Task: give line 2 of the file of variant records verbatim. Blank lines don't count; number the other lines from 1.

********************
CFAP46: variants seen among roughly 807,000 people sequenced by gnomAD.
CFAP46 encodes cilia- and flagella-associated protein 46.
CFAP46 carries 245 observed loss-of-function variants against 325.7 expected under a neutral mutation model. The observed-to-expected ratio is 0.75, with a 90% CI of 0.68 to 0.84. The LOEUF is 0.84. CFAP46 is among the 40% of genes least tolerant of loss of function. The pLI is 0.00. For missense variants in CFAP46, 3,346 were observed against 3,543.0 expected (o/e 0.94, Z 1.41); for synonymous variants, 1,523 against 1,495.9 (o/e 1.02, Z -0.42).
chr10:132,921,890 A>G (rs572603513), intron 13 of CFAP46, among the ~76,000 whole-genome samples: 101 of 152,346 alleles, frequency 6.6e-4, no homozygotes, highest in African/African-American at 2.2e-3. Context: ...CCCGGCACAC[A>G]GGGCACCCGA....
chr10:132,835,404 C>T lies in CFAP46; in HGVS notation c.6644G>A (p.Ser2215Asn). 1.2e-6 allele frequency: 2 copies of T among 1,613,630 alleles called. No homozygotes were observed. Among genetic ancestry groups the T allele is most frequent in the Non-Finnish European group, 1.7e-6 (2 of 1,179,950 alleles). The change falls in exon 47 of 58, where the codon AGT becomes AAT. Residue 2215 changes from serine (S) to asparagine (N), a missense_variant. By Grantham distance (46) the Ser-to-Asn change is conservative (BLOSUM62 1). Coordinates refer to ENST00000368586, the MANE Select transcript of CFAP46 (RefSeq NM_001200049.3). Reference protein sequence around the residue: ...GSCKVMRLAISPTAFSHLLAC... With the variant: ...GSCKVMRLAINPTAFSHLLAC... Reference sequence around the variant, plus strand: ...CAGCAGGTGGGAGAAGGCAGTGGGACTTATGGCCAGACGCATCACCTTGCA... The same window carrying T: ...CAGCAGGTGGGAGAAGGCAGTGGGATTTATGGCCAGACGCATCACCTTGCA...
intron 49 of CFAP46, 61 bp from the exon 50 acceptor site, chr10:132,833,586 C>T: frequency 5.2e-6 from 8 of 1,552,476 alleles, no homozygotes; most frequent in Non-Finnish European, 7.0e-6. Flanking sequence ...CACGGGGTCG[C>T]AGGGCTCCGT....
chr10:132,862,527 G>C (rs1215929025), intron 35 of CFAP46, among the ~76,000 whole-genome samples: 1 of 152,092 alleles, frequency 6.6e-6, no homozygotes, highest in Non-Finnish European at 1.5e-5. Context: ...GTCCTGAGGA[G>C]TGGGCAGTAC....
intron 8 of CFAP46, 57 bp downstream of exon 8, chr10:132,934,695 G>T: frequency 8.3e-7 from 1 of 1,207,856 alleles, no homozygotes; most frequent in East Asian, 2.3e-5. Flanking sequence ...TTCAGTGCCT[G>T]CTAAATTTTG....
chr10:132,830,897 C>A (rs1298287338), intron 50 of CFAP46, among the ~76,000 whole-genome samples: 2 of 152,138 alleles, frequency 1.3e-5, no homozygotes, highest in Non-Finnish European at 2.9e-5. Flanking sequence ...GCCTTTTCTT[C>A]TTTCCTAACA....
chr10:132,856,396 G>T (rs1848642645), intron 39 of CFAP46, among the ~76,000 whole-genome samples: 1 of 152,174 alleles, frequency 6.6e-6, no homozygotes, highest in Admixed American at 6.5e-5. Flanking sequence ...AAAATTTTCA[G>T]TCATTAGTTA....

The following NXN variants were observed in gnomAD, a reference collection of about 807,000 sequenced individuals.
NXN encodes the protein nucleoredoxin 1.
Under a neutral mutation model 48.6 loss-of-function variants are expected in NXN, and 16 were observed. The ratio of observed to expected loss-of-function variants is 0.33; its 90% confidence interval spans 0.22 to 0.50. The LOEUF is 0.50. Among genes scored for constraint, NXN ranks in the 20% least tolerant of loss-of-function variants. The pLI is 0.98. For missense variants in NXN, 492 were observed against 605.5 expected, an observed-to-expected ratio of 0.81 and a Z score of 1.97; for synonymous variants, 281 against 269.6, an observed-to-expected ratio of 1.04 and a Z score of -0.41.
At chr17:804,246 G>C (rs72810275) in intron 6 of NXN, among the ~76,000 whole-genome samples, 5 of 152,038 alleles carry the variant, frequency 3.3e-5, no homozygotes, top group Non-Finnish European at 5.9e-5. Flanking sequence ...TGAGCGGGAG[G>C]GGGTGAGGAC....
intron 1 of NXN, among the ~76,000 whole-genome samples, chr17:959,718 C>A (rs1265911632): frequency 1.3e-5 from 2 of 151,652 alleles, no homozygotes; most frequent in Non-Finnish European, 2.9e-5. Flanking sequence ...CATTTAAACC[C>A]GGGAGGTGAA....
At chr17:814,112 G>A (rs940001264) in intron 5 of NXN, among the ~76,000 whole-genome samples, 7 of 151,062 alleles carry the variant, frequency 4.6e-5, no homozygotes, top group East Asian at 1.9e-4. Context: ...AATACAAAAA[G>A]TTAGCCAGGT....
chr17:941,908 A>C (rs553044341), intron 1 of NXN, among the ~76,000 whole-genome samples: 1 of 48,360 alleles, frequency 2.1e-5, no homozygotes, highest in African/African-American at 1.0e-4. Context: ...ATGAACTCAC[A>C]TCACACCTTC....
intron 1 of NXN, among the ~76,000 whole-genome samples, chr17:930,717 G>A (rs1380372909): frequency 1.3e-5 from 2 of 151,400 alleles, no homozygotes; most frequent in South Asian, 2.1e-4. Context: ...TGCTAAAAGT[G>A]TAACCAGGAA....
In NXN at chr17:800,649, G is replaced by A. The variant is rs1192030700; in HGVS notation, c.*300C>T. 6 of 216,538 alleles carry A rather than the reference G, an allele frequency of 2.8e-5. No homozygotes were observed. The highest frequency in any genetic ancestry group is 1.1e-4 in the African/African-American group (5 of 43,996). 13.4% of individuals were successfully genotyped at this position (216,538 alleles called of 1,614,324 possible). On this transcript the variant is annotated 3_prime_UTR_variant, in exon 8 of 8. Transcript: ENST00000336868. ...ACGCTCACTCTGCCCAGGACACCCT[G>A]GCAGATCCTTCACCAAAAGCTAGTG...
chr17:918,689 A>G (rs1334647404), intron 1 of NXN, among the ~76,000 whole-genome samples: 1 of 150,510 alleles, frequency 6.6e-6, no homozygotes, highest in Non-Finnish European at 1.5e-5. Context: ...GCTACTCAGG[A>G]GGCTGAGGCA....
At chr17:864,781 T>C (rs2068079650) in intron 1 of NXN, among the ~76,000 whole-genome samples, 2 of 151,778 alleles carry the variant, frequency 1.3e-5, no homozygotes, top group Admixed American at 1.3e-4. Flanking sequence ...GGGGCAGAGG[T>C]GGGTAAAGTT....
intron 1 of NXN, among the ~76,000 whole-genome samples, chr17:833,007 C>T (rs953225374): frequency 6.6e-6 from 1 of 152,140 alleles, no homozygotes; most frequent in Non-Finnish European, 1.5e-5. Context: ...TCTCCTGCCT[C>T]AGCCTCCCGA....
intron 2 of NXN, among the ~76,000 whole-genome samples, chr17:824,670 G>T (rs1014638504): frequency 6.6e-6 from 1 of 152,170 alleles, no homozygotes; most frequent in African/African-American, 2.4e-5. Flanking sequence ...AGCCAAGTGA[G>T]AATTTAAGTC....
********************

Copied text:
CFAP46 encodes cilia- and flagella-associated protein 46.